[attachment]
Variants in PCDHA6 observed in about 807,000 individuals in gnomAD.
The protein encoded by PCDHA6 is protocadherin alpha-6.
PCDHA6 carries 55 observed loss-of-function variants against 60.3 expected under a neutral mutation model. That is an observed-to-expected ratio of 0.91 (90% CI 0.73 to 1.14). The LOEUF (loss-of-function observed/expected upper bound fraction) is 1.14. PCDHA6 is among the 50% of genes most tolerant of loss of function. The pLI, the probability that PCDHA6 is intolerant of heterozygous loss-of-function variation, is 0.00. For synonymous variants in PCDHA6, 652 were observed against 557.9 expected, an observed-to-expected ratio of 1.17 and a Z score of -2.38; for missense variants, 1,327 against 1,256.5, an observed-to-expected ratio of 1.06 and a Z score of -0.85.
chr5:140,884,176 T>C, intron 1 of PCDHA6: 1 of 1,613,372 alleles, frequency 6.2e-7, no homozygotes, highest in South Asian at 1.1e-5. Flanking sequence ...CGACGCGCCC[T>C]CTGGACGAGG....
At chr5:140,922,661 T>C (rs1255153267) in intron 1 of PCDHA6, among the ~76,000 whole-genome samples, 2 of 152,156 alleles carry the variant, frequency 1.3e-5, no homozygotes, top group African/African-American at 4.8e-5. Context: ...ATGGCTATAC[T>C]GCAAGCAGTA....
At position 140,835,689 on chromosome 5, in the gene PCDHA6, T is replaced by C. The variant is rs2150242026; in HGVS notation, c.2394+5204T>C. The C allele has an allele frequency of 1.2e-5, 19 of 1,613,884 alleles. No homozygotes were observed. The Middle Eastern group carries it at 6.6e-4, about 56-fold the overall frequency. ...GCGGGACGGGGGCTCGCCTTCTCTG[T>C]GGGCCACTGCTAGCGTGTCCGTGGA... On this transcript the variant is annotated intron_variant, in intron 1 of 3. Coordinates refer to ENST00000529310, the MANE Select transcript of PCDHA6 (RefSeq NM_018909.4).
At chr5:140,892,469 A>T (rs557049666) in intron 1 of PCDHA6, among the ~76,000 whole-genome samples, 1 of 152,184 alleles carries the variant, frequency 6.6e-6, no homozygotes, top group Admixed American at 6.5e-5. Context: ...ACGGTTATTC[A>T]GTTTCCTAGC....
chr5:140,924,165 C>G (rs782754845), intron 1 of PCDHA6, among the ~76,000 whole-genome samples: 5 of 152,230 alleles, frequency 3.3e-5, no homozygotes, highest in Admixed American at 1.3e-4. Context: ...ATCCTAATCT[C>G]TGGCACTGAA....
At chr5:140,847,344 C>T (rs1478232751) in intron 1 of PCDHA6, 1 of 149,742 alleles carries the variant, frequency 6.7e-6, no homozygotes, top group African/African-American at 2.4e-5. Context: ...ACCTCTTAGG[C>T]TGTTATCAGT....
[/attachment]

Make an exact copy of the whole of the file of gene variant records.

Variants in PCDHA6 observed in about 807,000 individuals in gnomAD.
The protein encoded by PCDHA6 is protocadherin alpha-6.
PCDHA6 carries 55 observed loss-of-function variants against 60.3 expected under a neutral mutation model. That is an observed-to-expected ratio of 0.91 (90% CI 0.73 to 1.14). The LOEUF (loss-of-function observed/expected upper bound fraction) is 1.14. PCDHA6 is among the 50% of genes most tolerant of loss of function. The pLI, the probability that PCDHA6 is intolerant of heterozygous loss-of-function variation, is 0.00. For synonymous variants in PCDHA6, 652 were observed against 557.9 expected, an observed-to-expected ratio of 1.17 and a Z score of -2.38; for missense variants, 1,327 against 1,256.5, an observed-to-expected ratio of 1.06 and a Z score of -0.85.
chr5:140,884,176 T>C, intron 1 of PCDHA6: 1 of 1,613,372 alleles, frequency 6.2e-7, no homozygotes, highest in South Asian at 1.1e-5. Flanking sequence ...CGACGCGCCC[T>C]CTGGACGAGG....
At chr5:140,922,661 T>C (rs1255153267) in intron 1 of PCDHA6, among the ~76,000 whole-genome samples, 2 of 152,156 alleles carry the variant, frequency 1.3e-5, no homozygotes, top group African/African-American at 4.8e-5. Context: ...ATGGCTATAC[T>C]GCAAGCAGTA....
At position 140,835,689 on chromosome 5, in the gene PCDHA6, T is replaced by C. The variant is rs2150242026; in HGVS notation, c.2394+5204T>C. The C allele has an allele frequency of 1.2e-5, 19 of 1,613,884 alleles. No homozygotes were observed. The Middle Eastern group carries it at 6.6e-4, about 56-fold the overall frequency. ...GCGGGACGGGGGCTCGCCTTCTCTG[T>C]GGGCCACTGCTAGCGTGTCCGTGGA... On this transcript the variant is annotated intron_variant, in intron 1 of 3. Coordinates refer to ENST00000529310, the MANE Select transcript of PCDHA6 (RefSeq NM_018909.4).
At chr5:140,892,469 A>T (rs557049666) in intron 1 of PCDHA6, among the ~76,000 whole-genome samples, 1 of 152,184 alleles carries the variant, frequency 6.6e-6, no homozygotes, top group Admixed American at 6.5e-5. Context: ...ACGGTTATTC[A>T]GTTTCCTAGC....
chr5:140,924,165 C>G (rs782754845), intron 1 of PCDHA6, among the ~76,000 whole-genome samples: 5 of 152,230 alleles, frequency 3.3e-5, no homozygotes, highest in Admixed American at 1.3e-4. Context: ...ATCCTAATCT[C>G]TGGCACTGAA....
At chr5:140,847,344 C>T (rs1478232751) in intron 1 of PCDHA6, 1 of 149,742 alleles carries the variant, frequency 6.7e-6, no homozygotes, top group African/African-American at 2.4e-5. Context: ...ACCTCTTAGG[C>T]TGTTATCAGT....